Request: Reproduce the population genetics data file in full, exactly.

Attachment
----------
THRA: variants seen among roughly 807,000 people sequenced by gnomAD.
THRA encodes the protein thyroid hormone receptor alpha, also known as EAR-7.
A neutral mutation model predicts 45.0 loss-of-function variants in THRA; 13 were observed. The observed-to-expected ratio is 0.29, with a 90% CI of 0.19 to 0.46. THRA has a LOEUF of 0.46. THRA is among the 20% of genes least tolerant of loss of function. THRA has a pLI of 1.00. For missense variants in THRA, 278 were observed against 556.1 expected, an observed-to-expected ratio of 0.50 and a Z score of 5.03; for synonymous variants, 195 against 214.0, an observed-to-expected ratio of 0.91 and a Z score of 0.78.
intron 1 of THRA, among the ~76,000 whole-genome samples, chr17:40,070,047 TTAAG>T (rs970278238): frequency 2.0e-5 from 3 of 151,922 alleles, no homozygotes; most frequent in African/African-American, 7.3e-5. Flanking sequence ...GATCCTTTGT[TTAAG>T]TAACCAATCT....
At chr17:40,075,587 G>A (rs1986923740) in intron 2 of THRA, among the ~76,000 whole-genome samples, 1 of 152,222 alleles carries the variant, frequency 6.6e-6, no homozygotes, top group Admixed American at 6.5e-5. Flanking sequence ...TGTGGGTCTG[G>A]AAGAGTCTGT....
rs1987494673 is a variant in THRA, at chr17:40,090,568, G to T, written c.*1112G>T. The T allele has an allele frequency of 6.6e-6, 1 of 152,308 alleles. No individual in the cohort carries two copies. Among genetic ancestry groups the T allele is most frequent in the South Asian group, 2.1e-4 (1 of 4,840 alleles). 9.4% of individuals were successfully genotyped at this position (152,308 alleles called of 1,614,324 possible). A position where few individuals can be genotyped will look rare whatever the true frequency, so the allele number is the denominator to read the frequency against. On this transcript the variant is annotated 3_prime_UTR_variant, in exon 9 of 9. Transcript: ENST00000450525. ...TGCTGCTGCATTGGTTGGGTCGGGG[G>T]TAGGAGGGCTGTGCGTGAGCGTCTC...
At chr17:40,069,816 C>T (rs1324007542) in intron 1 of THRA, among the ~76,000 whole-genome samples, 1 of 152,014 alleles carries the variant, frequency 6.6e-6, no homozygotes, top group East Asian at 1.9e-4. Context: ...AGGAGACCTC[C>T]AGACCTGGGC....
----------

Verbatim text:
THRA: variants seen among roughly 807,000 people sequenced by gnomAD.
THRA encodes the protein thyroid hormone receptor alpha, also known as EAR-7.
A neutral mutation model predicts 45.0 loss-of-function variants in THRA; 13 were observed. The observed-to-expected ratio is 0.29, with a 90% CI of 0.19 to 0.46. THRA has a LOEUF of 0.46. THRA is among the 20% of genes least tolerant of loss of function. THRA has a pLI of 1.00. For missense variants in THRA, 278 were observed against 556.1 expected, an observed-to-expected ratio of 0.50 and a Z score of 5.03; for synonymous variants, 195 against 214.0, an observed-to-expected ratio of 0.91 and a Z score of 0.78.
intron 1 of THRA, among the ~76,000 whole-genome samples, chr17:40,070,047 TTAAG>T (rs970278238): frequency 2.0e-5 from 3 of 151,922 alleles, no homozygotes; most frequent in African/African-American, 7.3e-5. Flanking sequence ...GATCCTTTGT[TTAAG>T]TAACCAATCT....
At chr17:40,075,587 G>A (rs1986923740) in intron 2 of THRA, among the ~76,000 whole-genome samples, 1 of 152,222 alleles carries the variant, frequency 6.6e-6, no homozygotes, top group Admixed American at 6.5e-5. Flanking sequence ...TGTGGGTCTG[G>A]AAGAGTCTGT....
rs1987494673 is a variant in THRA, at chr17:40,090,568, G to T, written c.*1112G>T. The T allele has an allele frequency of 6.6e-6, 1 of 152,308 alleles. No individual in the cohort carries two copies. Among genetic ancestry groups the T allele is most frequent in the South Asian group, 2.1e-4 (1 of 4,840 alleles). 9.4% of individuals were successfully genotyped at this position (152,308 alleles called of 1,614,324 possible). A position where few individuals can be genotyped will look rare whatever the true frequency, so the allele number is the denominator to read the frequency against. On this transcript the variant is annotated 3_prime_UTR_variant, in exon 9 of 9. Transcript: ENST00000450525. ...TGCTGCTGCATTGGTTGGGTCGGGG[G>T]TAGGAGGGCTGTGCGTGAGCGTCTC...
At chr17:40,069,816 C>T (rs1324007542) in intron 1 of THRA, among the ~76,000 whole-genome samples, 1 of 152,014 alleles carries the variant, frequency 6.6e-6, no homozygotes, top group East Asian at 1.9e-4. Context: ...AGGAGACCTC[C>T]AGACCTGGGC....